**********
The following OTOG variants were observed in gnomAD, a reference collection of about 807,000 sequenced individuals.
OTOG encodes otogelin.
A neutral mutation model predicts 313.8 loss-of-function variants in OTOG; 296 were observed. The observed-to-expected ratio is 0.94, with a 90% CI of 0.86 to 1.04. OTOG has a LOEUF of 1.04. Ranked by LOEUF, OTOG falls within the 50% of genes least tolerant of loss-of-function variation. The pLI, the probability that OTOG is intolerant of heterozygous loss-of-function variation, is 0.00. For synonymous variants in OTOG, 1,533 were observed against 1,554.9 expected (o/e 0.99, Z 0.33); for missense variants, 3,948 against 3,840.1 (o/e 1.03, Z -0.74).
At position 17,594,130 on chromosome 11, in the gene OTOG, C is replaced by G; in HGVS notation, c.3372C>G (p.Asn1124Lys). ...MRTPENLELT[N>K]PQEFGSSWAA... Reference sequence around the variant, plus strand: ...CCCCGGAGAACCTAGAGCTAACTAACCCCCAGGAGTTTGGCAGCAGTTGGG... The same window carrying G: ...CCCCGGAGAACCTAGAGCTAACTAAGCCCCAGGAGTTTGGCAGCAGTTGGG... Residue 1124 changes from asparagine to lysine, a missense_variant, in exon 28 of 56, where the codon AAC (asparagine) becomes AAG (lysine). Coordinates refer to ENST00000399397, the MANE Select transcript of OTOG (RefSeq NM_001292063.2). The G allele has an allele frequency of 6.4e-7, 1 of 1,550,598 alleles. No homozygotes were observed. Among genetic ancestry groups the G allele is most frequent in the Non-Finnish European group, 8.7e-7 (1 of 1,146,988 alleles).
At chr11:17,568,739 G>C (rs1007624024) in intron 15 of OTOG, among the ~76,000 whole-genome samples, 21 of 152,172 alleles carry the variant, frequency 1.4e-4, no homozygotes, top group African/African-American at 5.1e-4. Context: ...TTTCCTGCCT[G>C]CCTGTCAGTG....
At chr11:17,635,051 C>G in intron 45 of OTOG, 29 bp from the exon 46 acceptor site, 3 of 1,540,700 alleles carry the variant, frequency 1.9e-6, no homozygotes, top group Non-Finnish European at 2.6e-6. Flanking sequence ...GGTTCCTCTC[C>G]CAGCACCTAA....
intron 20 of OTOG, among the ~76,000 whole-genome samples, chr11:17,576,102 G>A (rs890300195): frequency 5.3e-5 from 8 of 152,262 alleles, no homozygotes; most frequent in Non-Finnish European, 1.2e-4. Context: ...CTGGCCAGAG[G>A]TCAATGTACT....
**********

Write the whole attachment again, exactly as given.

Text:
The following OTOG variants were observed in gnomAD, a reference collection of about 807,000 sequenced individuals.
OTOG encodes otogelin.
A neutral mutation model predicts 313.8 loss-of-function variants in OTOG; 296 were observed. The observed-to-expected ratio is 0.94, with a 90% CI of 0.86 to 1.04. OTOG has a LOEUF of 1.04. Ranked by LOEUF, OTOG falls within the 50% of genes least tolerant of loss-of-function variation. The pLI, the probability that OTOG is intolerant of heterozygous loss-of-function variation, is 0.00. For synonymous variants in OTOG, 1,533 were observed against 1,554.9 expected (o/e 0.99, Z 0.33); for missense variants, 3,948 against 3,840.1 (o/e 1.03, Z -0.74).
At position 17,594,130 on chromosome 11, in the gene OTOG, C is replaced by G; in HGVS notation, c.3372C>G (p.Asn1124Lys). ...MRTPENLELT[N>K]PQEFGSSWAA... Reference sequence around the variant, plus strand: ...CCCCGGAGAACCTAGAGCTAACTAACCCCCAGGAGTTTGGCAGCAGTTGGG... The same window carrying G: ...CCCCGGAGAACCTAGAGCTAACTAAGCCCCAGGAGTTTGGCAGCAGTTGGG... Residue 1124 changes from asparagine to lysine, a missense_variant, in exon 28 of 56, where the codon AAC (asparagine) becomes AAG (lysine). Coordinates refer to ENST00000399397, the MANE Select transcript of OTOG (RefSeq NM_001292063.2). The G allele has an allele frequency of 6.4e-7, 1 of 1,550,598 alleles. No homozygotes were observed. Among genetic ancestry groups the G allele is most frequent in the Non-Finnish European group, 8.7e-7 (1 of 1,146,988 alleles).
At chr11:17,568,739 G>C (rs1007624024) in intron 15 of OTOG, among the ~76,000 whole-genome samples, 21 of 152,172 alleles carry the variant, frequency 1.4e-4, no homozygotes, top group African/African-American at 5.1e-4. Context: ...TTTCCTGCCT[G>C]CCTGTCAGTG....
At chr11:17,635,051 C>G in intron 45 of OTOG, 29 bp from the exon 46 acceptor site, 3 of 1,540,700 alleles carry the variant, frequency 1.9e-6, no homozygotes, top group Non-Finnish European at 2.6e-6. Flanking sequence ...GGTTCCTCTC[C>G]CAGCACCTAA....
intron 20 of OTOG, among the ~76,000 whole-genome samples, chr11:17,576,102 G>A (rs890300195): frequency 5.3e-5 from 8 of 152,262 alleles, no homozygotes; most frequent in Non-Finnish European, 1.2e-4. Context: ...CTGGCCAGAG[G>A]TCAATGTACT....